Immunotherapy is a form of cancer therapy that harnesses the body's immune system to destroy cancer cells. In recent years, immunotherapies have been developed for several cancers, including advanced melanoma, lung cancer, and kidney cancer. In some patients with metastatic cancers who have not responded well to other treatments, immunotherapy treatment has resulted in complete and durable responses. Given these promising findings, it is hoped that continued immunotherapy research and development will produce better cancer treatments that improve patient outcomes.
With this promise, however, there is also recognition that the clinical and biological landscape for immunotherapies is novel and not yet well understood. For example, adverse events with immunotherapy treatment are quite different from those experienced with other types of cancer therapy. Similarly, immunotherapy dosing, therapeutic responses, and response time lines are also markedly different from other cancer therapies. To examine these challenges and explore strategies to overcome them, the National Academies of Sciences, Engineering, and Medicine held a workshop in February and March of 2016. This report summarizes the presentations and discussions from the workshop.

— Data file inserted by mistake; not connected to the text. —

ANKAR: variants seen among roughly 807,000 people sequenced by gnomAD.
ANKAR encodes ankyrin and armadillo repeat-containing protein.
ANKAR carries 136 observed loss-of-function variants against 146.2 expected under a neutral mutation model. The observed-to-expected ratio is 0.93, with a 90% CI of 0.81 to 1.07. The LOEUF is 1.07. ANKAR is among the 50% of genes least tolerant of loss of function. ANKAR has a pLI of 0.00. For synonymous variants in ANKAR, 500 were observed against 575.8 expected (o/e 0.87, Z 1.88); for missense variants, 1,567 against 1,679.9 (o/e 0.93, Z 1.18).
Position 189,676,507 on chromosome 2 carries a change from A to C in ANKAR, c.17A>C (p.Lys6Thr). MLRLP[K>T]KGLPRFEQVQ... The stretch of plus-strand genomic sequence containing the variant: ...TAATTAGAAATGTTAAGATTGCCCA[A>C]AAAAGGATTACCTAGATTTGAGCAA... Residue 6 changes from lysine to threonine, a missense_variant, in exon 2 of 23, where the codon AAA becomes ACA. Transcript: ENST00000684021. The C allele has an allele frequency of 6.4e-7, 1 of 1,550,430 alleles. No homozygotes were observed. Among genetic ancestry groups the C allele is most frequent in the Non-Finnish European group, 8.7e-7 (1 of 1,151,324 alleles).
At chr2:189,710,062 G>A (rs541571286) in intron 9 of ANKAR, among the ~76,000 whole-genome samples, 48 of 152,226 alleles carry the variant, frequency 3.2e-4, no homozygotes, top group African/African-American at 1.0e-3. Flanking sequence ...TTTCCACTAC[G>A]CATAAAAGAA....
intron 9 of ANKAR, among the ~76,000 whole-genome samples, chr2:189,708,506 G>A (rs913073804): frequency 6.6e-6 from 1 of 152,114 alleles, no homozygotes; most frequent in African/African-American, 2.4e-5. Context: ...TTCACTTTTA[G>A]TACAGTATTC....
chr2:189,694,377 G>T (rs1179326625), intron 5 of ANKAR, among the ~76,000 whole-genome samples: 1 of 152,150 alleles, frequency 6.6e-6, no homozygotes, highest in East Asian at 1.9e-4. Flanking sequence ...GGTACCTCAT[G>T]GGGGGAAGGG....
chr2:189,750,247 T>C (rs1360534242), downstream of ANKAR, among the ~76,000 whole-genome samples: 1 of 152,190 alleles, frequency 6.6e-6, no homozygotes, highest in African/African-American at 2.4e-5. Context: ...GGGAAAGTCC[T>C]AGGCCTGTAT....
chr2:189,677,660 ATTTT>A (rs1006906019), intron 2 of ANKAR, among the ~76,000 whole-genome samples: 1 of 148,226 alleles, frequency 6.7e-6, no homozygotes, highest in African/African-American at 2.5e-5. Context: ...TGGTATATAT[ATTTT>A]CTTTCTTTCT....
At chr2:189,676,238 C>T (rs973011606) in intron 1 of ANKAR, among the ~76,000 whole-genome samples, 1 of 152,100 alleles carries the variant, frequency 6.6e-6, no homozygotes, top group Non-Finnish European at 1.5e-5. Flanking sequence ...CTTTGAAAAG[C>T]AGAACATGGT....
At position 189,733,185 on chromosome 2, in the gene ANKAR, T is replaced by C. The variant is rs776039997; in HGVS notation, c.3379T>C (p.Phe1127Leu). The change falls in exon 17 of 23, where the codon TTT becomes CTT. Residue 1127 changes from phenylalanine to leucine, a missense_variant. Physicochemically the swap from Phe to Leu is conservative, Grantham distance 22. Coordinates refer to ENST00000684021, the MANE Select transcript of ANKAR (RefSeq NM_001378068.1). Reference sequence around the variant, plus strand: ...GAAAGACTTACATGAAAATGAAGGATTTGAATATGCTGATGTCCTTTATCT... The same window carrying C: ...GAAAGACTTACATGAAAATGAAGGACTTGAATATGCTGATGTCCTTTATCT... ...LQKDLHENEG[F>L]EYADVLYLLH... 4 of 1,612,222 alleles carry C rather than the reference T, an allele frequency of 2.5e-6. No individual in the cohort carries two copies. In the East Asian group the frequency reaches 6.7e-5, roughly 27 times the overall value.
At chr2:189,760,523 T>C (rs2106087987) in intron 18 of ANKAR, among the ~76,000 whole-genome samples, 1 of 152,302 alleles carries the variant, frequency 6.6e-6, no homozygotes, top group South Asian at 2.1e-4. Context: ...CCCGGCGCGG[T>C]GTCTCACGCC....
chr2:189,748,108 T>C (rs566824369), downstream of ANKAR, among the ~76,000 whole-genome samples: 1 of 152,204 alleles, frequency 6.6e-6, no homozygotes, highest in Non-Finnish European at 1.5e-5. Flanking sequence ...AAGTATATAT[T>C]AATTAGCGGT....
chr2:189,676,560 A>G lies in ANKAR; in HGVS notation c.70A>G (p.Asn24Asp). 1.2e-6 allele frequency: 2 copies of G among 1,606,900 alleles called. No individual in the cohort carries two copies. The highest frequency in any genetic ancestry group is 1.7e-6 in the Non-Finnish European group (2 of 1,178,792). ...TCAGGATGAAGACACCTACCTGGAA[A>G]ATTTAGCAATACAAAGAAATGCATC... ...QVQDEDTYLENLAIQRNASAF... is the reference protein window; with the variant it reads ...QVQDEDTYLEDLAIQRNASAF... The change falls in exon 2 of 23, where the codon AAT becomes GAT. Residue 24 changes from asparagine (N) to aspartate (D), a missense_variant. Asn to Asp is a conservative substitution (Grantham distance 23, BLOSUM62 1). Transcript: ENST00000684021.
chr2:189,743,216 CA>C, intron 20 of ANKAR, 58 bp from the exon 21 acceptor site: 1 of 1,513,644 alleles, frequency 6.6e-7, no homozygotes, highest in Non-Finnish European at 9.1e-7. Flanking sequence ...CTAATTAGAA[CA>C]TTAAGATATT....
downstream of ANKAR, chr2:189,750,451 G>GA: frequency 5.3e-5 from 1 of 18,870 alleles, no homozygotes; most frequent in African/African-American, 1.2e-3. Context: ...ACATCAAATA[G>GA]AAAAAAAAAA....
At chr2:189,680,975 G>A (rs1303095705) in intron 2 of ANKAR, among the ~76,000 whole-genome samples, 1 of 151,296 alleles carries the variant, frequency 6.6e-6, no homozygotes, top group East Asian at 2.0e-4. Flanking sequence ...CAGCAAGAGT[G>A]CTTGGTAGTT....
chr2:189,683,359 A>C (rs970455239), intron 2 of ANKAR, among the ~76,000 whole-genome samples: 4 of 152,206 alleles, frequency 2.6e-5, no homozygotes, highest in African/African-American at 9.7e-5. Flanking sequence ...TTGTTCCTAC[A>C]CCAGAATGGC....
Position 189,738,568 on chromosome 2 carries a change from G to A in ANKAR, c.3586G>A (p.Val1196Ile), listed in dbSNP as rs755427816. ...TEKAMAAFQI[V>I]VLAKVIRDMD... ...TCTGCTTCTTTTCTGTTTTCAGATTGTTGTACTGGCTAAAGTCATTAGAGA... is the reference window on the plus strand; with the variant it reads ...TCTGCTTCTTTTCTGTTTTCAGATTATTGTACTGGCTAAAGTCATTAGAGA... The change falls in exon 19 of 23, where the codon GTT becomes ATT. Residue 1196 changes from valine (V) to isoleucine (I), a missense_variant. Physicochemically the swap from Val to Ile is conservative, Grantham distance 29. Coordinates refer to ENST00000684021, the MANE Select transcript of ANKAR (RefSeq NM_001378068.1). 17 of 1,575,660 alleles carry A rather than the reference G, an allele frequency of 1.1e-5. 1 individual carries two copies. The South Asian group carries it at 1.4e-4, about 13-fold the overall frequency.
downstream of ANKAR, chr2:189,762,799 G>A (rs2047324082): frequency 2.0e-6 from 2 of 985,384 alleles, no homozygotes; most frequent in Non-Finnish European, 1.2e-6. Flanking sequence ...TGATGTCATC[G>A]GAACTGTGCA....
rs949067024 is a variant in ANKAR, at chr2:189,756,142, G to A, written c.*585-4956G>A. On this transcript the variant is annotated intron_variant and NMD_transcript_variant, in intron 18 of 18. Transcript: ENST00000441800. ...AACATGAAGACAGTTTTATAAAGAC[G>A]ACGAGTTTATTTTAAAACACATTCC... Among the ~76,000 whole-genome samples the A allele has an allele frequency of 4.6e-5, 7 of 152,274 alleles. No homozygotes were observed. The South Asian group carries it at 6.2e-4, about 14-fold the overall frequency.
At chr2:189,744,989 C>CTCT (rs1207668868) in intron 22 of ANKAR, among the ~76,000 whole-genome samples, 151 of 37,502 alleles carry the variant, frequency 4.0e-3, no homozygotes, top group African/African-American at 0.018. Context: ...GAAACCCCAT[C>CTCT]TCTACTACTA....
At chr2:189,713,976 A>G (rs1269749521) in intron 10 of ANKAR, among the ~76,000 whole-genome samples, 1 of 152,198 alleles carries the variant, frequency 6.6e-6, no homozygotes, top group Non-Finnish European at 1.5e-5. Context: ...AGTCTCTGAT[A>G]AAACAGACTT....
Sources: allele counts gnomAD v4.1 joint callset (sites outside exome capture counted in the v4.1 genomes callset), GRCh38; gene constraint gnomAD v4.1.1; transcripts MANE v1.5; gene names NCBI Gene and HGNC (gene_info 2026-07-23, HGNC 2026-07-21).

Table of Contents
|Proceedings of a Workshop||1-102|
|Appendix A: Statement of Task||103-104|
|Appendix B: Workshop Agenda||105-110|
|Appendix C: Glossary||111-112|
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